Garratt Locomotive on the Welsh Highland Railway

We then took the Ffestiniog railway (which had a 10% discount when we showed our receipt from the Welsh Highland Railway). We bought a half-way and back ticket which went as far as Tan y Bwlch. There was no opportunity for sight seeing at Tan y Bwlch (except by waiting for the next train in about 1½ hours time, so we just switched train. It was still a pleasant train journey.

Scenic view from the Ffestiniog Railway in Wales

The real highlight for my son was seeing two novel locomotives that are commonly associated with each of the railways. The Garratt Locomotive on the Welsh Highland railway, which is unusuable because it has a double articulation with the boiler in the middle and an “engine” at either side of the boiler.
The Double Fairlie is on the Ffestiniog Railway which is a single engine with two boilers mounted in separate power trucks. This gives the appearance of two locomotives fastened together back-to-back.

Bala Lake Railway and Canoeing on Wales largest natural lake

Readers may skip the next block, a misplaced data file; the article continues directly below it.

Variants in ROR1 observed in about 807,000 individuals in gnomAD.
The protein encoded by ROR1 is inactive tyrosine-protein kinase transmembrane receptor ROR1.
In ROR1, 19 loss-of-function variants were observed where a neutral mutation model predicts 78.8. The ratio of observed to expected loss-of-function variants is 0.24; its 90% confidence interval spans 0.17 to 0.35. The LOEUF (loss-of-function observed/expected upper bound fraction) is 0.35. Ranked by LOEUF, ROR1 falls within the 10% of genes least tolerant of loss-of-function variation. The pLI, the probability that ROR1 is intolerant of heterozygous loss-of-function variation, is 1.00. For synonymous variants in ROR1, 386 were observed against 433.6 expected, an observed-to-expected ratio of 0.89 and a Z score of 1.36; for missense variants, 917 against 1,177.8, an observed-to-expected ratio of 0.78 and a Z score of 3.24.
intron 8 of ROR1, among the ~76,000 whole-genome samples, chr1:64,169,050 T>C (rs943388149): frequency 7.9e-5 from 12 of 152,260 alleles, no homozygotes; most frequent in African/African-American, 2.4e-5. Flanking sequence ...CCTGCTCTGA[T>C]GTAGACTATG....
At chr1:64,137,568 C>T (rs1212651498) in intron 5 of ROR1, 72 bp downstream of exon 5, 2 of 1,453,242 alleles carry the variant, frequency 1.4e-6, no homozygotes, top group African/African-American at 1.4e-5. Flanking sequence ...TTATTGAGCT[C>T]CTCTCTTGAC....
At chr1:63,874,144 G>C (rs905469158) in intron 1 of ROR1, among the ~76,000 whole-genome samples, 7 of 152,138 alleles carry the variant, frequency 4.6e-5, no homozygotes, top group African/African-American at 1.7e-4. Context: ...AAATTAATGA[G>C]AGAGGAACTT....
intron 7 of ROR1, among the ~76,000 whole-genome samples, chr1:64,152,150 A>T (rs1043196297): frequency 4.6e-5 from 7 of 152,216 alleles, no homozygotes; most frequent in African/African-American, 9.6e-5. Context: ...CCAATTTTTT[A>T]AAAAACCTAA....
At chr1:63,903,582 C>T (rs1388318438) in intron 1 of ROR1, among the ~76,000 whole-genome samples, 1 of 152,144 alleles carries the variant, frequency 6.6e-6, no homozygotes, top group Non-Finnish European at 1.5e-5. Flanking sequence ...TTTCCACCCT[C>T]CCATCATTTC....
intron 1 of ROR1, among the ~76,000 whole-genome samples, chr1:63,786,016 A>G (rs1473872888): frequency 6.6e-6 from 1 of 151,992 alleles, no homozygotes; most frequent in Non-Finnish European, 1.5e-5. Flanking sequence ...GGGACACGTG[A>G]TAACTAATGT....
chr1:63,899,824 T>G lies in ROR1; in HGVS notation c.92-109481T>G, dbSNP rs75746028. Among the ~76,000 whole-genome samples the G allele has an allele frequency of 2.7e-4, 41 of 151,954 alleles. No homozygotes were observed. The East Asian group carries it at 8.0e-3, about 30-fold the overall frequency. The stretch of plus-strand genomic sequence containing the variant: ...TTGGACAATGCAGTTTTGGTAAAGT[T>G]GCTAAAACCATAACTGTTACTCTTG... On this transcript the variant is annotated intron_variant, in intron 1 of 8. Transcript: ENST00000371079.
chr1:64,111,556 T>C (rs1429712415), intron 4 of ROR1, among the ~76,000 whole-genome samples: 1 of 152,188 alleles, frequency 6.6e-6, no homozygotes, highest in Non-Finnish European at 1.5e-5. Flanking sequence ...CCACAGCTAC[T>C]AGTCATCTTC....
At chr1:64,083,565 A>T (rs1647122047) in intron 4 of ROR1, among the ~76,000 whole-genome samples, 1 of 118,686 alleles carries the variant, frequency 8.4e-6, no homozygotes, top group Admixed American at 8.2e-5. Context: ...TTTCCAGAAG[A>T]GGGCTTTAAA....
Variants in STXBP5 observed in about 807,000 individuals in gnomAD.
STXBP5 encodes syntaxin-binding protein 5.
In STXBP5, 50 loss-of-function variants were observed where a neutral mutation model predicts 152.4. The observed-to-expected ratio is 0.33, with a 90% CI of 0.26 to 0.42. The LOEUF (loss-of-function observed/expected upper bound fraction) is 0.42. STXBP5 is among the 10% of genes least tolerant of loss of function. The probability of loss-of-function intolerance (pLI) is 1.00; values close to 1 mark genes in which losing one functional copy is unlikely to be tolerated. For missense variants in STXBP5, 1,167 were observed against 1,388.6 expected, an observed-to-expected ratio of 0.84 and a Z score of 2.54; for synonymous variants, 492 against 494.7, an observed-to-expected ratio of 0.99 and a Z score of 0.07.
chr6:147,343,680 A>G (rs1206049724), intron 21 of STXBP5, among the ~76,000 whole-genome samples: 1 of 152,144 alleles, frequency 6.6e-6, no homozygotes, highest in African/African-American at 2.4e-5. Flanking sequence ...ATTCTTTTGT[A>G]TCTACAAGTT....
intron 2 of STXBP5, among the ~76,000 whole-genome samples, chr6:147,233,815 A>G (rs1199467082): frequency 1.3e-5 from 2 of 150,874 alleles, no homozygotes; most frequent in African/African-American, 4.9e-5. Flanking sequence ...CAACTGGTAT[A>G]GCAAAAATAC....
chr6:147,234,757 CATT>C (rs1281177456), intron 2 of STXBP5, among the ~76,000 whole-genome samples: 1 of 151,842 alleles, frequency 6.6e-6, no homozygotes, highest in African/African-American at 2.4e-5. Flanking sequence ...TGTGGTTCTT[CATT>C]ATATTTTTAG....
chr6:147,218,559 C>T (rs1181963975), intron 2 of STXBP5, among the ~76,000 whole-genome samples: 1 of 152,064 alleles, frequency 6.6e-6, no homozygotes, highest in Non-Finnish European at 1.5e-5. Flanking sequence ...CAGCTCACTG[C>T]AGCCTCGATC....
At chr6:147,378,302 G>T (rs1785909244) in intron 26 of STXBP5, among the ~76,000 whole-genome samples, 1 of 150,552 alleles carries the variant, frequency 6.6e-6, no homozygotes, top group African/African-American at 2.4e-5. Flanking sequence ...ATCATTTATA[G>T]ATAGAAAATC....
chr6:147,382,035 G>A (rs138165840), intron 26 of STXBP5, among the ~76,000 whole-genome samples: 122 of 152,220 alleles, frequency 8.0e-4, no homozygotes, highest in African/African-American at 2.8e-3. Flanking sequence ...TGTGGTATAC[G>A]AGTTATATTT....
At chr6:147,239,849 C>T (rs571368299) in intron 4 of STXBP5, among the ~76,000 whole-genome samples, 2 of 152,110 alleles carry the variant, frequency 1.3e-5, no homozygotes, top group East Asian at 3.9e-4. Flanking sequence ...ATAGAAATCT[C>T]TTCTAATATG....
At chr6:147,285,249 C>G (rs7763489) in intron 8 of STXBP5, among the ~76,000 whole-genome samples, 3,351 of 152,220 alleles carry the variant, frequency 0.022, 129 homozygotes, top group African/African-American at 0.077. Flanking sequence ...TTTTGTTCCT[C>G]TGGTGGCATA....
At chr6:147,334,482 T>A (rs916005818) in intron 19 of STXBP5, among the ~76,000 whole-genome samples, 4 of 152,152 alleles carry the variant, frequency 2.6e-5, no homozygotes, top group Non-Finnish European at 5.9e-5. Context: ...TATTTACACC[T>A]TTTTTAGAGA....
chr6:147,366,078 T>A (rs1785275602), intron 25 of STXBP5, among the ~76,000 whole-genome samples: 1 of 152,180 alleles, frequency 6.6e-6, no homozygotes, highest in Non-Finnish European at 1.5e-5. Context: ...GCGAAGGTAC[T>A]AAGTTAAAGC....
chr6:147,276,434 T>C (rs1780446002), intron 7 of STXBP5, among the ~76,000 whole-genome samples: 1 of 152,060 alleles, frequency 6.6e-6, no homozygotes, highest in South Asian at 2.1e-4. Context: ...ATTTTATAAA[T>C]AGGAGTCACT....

On the way back from our trip to the Welsh Highland and Ffestiniog railway we scouted out Lake Bala, looking for where we would visit the following day for some canoeing on the lake. We didn’t actually realise it had a railway until then, which came as an added bonus. We found two car parks, one with a station at Llangower and the other near the town of Bala.

We decided to take a train ride first and caught the first train out from Bala Pen-y-bont Station to Llanuwchllyn Station and then back again. There is no car park at the station, but there is limited free on-street parking available. The train at Lake Bala is very different to the previous trains we had visited. The carriage we chose on the way out was quite open and a great way to view the lake. There was then a wait of about 40 minutes before the return journey.

Lake Bala Railway - Snowdonia Wales